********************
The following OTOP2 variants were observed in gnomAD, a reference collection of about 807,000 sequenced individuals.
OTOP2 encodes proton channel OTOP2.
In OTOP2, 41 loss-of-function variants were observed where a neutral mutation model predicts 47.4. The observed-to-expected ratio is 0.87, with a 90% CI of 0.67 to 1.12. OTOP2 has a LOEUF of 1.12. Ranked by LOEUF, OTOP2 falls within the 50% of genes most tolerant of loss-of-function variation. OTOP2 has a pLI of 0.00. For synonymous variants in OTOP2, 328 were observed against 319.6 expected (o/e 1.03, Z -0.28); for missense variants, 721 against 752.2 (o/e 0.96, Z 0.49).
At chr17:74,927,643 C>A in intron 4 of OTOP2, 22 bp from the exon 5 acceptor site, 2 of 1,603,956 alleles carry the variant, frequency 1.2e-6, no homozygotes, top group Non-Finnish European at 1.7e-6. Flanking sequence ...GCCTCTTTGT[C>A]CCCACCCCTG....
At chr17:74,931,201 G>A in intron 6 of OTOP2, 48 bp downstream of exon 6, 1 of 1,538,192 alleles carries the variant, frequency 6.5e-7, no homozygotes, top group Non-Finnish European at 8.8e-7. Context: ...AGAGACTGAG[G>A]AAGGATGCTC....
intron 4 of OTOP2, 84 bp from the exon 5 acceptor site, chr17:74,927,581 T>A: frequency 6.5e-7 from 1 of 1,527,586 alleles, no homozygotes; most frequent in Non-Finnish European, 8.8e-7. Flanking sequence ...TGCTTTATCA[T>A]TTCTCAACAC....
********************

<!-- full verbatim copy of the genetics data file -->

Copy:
The following OTOP2 variants were observed in gnomAD, a reference collection of about 807,000 sequenced individuals.
OTOP2 encodes proton channel OTOP2.
In OTOP2, 41 loss-of-function variants were observed where a neutral mutation model predicts 47.4. The observed-to-expected ratio is 0.87, with a 90% CI of 0.67 to 1.12. OTOP2 has a LOEUF of 1.12. Ranked by LOEUF, OTOP2 falls within the 50% of genes most tolerant of loss-of-function variation. OTOP2 has a pLI of 0.00. For synonymous variants in OTOP2, 328 were observed against 319.6 expected (o/e 1.03, Z -0.28); for missense variants, 721 against 752.2 (o/e 0.96, Z 0.49).
At chr17:74,927,643 C>A in intron 4 of OTOP2, 22 bp from the exon 5 acceptor site, 2 of 1,603,956 alleles carry the variant, frequency 1.2e-6, no homozygotes, top group Non-Finnish European at 1.7e-6. Flanking sequence ...GCCTCTTTGT[C>A]CCCACCCCTG....
At chr17:74,931,201 G>A in intron 6 of OTOP2, 48 bp downstream of exon 6, 1 of 1,538,192 alleles carries the variant, frequency 6.5e-7, no homozygotes, top group Non-Finnish European at 8.8e-7. Context: ...AGAGACTGAG[G>A]AAGGATGCTC....
intron 4 of OTOP2, 84 bp from the exon 5 acceptor site, chr17:74,927,581 T>A: frequency 6.5e-7 from 1 of 1,527,586 alleles, no homozygotes; most frequent in Non-Finnish European, 8.8e-7. Flanking sequence ...TGCTTTATCA[T>A]TTCTCAACAC....